The Alexander Graham Bell Association for the Deaf and Hard of Hearing (AG Bell), Washington, DC, has awarded $93,000 in college and graduate-level scholarships for the 2006-2007 school year to 31 students who are deaf or hard of hearing and use spoken language to communicate. The students, who represent 17 states, India and Korea, include:

  • Kimby Caplan, a cinematography student at the American Film Institute, was recognized at the Academy of Motion Picture Arts and Sciences 32nd Annual Student Academy Awards for her documentary, “Listen,” a film about living with hearing loss.    
  • Anat Maytal of Floral Park, NY, and Keith Vick of Yonkers, NY, each received $5,000 as the inaugural recipients of the George H. Nofer scholarship, which encourages students with hearing loss to enter careers in law and public policy.    
  • Joo Young Hong of Daegu, South Korea, is studying deaf education at the University of Kansas.

“The AG Bell College Scholarship Program is proud to support all of our scholarship recipients as they explore their chosen career paths,” said K. Todd Houston, PhD, executive director and CEO of AG Bell. “The success of these students serves as a constant reminder of the role listening and spoken language have played in empowering individuals with hearing loss to pursue life’s limitless opportunities.”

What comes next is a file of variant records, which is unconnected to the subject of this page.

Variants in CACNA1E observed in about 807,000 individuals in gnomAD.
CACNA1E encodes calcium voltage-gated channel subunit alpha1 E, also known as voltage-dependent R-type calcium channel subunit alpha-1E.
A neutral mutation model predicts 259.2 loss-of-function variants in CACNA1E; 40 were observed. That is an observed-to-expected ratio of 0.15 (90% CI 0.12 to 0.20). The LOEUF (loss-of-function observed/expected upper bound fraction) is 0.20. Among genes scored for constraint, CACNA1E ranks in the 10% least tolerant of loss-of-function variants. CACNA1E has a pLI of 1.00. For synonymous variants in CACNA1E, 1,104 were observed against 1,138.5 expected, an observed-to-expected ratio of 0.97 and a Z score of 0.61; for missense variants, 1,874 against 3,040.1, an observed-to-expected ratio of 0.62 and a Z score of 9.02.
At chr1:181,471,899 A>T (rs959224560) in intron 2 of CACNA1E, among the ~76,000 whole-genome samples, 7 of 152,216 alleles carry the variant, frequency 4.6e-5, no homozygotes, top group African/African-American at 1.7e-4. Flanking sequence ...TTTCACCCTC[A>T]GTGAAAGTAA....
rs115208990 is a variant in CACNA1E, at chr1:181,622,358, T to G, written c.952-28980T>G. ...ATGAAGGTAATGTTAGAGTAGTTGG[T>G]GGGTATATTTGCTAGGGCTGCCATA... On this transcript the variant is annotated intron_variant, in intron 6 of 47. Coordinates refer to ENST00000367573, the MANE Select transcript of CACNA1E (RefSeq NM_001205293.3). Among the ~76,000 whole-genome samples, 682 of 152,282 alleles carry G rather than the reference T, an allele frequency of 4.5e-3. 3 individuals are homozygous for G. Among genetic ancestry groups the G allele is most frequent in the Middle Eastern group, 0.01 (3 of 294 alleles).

The AG Bell College Scholarship Program offers scholarships ranging from $500 to $5,000 for students identified with moderate to profound hearing loss since birth or before acquiring language. Scholarships are available to students in any field of study who use speech and residual hearing and/or speechreading (lipreading) as their primary mode of communication. Applicants must demonstrate a serious commitment to academic and career excellence, and must attend or have been admitted to a college or university program that primarily enrolls students with typical hearing. 

[SOURCE: AG Bell, July 20, 2006]